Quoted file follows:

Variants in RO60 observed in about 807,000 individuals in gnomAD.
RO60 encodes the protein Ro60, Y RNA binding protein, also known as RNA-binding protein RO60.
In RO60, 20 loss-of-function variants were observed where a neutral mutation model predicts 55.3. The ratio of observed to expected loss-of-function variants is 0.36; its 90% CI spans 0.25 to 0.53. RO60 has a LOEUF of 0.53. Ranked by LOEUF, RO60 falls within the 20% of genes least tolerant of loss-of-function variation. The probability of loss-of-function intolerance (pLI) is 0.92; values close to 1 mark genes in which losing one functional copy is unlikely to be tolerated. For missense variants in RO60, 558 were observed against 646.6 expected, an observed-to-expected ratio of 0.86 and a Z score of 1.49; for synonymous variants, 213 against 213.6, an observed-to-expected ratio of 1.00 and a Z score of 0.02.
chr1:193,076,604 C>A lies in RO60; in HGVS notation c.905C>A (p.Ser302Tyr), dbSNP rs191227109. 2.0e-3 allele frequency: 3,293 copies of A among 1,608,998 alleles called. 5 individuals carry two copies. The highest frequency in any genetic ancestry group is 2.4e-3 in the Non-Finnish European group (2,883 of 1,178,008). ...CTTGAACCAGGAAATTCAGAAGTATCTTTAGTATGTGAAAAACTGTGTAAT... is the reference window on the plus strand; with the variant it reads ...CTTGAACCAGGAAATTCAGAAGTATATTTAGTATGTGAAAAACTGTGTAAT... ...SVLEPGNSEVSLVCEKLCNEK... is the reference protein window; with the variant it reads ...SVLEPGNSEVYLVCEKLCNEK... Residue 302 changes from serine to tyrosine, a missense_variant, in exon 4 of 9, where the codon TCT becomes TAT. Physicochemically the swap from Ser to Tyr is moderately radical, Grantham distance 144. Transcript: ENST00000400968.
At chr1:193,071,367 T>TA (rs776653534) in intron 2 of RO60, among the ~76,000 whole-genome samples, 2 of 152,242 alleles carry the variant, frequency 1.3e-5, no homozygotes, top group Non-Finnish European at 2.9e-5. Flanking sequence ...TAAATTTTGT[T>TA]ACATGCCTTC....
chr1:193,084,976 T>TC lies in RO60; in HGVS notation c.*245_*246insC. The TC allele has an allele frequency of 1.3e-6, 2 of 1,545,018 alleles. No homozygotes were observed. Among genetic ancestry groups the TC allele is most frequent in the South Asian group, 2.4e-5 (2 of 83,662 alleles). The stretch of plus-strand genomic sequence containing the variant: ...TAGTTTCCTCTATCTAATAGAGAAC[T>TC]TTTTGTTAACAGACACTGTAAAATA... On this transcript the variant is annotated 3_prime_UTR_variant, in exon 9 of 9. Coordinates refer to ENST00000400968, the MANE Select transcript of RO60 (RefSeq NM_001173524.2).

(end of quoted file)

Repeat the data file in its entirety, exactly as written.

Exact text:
Variants in RO60 observed in about 807,000 individuals in gnomAD.
RO60 encodes the protein Ro60, Y RNA binding protein, also known as RNA-binding protein RO60.
In RO60, 20 loss-of-function variants were observed where a neutral mutation model predicts 55.3. The ratio of observed to expected loss-of-function variants is 0.36; its 90% CI spans 0.25 to 0.53. RO60 has a LOEUF of 0.53. Ranked by LOEUF, RO60 falls within the 20% of genes least tolerant of loss-of-function variation. The probability of loss-of-function intolerance (pLI) is 0.92; values close to 1 mark genes in which losing one functional copy is unlikely to be tolerated. For missense variants in RO60, 558 were observed against 646.6 expected, an observed-to-expected ratio of 0.86 and a Z score of 1.49; for synonymous variants, 213 against 213.6, an observed-to-expected ratio of 1.00 and a Z score of 0.02.
chr1:193,076,604 C>A lies in RO60; in HGVS notation c.905C>A (p.Ser302Tyr), dbSNP rs191227109. 2.0e-3 allele frequency: 3,293 copies of A among 1,608,998 alleles called. 5 individuals carry two copies. The highest frequency in any genetic ancestry group is 2.4e-3 in the Non-Finnish European group (2,883 of 1,178,008). ...CTTGAACCAGGAAATTCAGAAGTATCTTTAGTATGTGAAAAACTGTGTAAT... is the reference window on the plus strand; with the variant it reads ...CTTGAACCAGGAAATTCAGAAGTATATTTAGTATGTGAAAAACTGTGTAAT... ...SVLEPGNSEVSLVCEKLCNEK... is the reference protein window; with the variant it reads ...SVLEPGNSEVYLVCEKLCNEK... Residue 302 changes from serine to tyrosine, a missense_variant, in exon 4 of 9, where the codon TCT becomes TAT. Physicochemically the swap from Ser to Tyr is moderately radical, Grantham distance 144. Transcript: ENST00000400968.
At chr1:193,071,367 T>TA (rs776653534) in intron 2 of RO60, among the ~76,000 whole-genome samples, 2 of 152,242 alleles carry the variant, frequency 1.3e-5, no homozygotes, top group Non-Finnish European at 2.9e-5. Flanking sequence ...TAAATTTTGT[T>TA]ACATGCCTTC....
chr1:193,084,976 T>TC lies in RO60; in HGVS notation c.*245_*246insC. The TC allele has an allele frequency of 1.3e-6, 2 of 1,545,018 alleles. No homozygotes were observed. Among genetic ancestry groups the TC allele is most frequent in the South Asian group, 2.4e-5 (2 of 83,662 alleles). The stretch of plus-strand genomic sequence containing the variant: ...TAGTTTCCTCTATCTAATAGAGAAC[T>TC]TTTTGTTAACAGACACTGTAAAATA... On this transcript the variant is annotated 3_prime_UTR_variant, in exon 9 of 9. Coordinates refer to ENST00000400968, the MANE Select transcript of RO60 (RefSeq NM_001173524.2).